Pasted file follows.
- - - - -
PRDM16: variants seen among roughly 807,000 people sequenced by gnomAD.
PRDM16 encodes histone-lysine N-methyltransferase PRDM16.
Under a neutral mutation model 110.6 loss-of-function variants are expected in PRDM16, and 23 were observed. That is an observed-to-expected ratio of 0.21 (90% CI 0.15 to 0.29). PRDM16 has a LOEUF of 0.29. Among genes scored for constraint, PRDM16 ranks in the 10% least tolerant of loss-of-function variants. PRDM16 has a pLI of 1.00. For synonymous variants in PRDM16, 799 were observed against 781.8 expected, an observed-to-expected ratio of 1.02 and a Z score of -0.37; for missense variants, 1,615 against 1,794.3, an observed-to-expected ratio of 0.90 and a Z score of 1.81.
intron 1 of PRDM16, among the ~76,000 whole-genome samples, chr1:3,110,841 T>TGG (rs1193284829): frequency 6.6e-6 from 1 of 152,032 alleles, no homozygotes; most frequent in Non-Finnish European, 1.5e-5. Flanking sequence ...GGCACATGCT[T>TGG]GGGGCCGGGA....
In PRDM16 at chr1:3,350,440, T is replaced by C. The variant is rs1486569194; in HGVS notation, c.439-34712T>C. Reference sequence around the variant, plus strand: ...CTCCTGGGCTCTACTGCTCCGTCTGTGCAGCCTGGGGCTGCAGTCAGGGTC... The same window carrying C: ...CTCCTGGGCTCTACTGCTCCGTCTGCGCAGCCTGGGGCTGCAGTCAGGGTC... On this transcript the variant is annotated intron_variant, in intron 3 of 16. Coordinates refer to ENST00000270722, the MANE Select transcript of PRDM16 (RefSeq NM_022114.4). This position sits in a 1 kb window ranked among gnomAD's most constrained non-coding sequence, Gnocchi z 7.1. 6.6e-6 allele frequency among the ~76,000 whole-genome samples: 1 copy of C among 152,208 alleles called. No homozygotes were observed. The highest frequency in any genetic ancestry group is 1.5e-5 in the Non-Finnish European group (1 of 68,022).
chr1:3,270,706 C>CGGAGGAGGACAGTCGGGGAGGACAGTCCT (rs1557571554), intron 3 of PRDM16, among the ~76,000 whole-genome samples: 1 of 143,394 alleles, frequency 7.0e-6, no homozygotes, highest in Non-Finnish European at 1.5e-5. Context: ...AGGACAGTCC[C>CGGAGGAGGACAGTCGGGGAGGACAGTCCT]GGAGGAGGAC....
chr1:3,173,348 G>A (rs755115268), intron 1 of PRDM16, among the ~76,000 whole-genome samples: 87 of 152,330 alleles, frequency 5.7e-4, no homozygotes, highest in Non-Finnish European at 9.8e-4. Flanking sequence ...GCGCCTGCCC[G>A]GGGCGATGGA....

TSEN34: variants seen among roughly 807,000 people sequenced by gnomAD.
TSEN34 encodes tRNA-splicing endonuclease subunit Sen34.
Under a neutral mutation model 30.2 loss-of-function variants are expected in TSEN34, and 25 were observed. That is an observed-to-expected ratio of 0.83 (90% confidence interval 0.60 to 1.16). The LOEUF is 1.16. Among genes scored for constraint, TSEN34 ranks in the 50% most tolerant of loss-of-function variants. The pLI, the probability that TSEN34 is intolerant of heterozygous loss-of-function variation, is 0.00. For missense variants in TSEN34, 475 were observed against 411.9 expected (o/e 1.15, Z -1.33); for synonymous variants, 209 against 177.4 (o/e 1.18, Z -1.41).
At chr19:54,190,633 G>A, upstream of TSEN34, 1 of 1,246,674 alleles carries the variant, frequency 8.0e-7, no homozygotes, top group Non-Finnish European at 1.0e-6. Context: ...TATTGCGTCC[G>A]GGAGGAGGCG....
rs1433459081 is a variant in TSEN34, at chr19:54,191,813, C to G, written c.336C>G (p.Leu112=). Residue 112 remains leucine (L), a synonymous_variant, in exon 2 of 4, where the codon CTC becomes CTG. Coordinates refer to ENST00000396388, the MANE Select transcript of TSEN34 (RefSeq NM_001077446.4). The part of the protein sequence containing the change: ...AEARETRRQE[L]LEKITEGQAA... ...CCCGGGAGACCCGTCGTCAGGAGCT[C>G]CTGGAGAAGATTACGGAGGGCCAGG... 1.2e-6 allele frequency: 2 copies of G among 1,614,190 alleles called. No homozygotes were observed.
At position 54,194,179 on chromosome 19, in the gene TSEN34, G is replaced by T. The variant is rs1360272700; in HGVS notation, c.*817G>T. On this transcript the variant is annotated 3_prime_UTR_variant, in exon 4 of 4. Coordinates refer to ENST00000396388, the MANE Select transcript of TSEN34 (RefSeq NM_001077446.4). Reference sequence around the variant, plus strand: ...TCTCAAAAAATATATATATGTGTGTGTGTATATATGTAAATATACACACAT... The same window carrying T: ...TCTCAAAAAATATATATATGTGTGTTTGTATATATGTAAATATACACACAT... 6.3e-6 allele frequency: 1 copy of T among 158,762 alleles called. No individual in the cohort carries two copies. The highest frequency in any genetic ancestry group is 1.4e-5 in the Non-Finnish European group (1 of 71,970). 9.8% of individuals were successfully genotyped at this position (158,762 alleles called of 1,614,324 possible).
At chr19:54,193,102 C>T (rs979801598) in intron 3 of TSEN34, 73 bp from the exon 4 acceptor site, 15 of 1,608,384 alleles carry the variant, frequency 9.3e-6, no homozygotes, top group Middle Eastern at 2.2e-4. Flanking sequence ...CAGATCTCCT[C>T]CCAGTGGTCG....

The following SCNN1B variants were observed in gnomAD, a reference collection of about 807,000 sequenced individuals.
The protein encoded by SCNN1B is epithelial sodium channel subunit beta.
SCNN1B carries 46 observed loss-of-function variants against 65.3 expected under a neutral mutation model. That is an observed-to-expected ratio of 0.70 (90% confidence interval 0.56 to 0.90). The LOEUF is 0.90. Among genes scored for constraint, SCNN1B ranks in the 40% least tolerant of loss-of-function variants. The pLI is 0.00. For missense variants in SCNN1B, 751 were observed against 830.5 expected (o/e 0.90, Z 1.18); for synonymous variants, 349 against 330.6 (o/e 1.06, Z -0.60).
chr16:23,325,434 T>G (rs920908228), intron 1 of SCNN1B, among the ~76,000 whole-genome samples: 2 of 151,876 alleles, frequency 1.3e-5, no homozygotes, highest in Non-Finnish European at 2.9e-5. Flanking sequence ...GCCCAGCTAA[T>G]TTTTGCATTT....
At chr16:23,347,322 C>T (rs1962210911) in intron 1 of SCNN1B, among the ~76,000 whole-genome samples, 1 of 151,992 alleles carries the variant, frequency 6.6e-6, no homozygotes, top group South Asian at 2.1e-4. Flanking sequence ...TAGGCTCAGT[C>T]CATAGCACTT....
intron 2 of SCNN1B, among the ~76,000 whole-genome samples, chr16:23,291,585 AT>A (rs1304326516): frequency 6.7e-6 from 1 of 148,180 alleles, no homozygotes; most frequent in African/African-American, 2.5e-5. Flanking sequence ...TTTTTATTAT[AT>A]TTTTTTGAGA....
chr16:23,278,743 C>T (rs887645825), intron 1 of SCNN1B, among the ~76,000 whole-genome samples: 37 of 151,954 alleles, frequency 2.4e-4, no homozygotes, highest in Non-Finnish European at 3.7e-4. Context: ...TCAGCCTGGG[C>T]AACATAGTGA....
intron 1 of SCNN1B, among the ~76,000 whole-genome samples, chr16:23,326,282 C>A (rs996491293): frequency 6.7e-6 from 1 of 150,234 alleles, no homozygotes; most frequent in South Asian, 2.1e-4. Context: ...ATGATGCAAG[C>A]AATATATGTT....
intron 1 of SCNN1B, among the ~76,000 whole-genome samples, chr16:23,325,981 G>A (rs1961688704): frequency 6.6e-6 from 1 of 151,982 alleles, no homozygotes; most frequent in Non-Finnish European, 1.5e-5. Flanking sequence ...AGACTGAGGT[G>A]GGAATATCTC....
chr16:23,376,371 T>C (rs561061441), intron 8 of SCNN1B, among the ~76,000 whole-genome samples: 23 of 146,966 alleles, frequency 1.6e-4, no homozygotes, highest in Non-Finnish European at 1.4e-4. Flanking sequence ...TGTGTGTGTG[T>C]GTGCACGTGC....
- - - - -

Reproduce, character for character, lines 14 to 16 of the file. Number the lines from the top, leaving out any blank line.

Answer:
At chr19:54,193,102 C>T (rs979801598) in intron 3 of TSEN34, 73 bp from the exon 4 acceptor site, 15 of 1,608,384 alleles carry the variant, frequency 9.3e-6, no homozygotes, top group Middle Eastern at 2.2e-4. Flanking sequence ...CAGATCTCCT[C>T]CCAGTGGTCG....

The following SCNN1B variants were observed in gnomAD, a reference collection of about 807,000 sequenced individuals.
The protein encoded by SCNN1B is epithelial sodium channel subunit beta.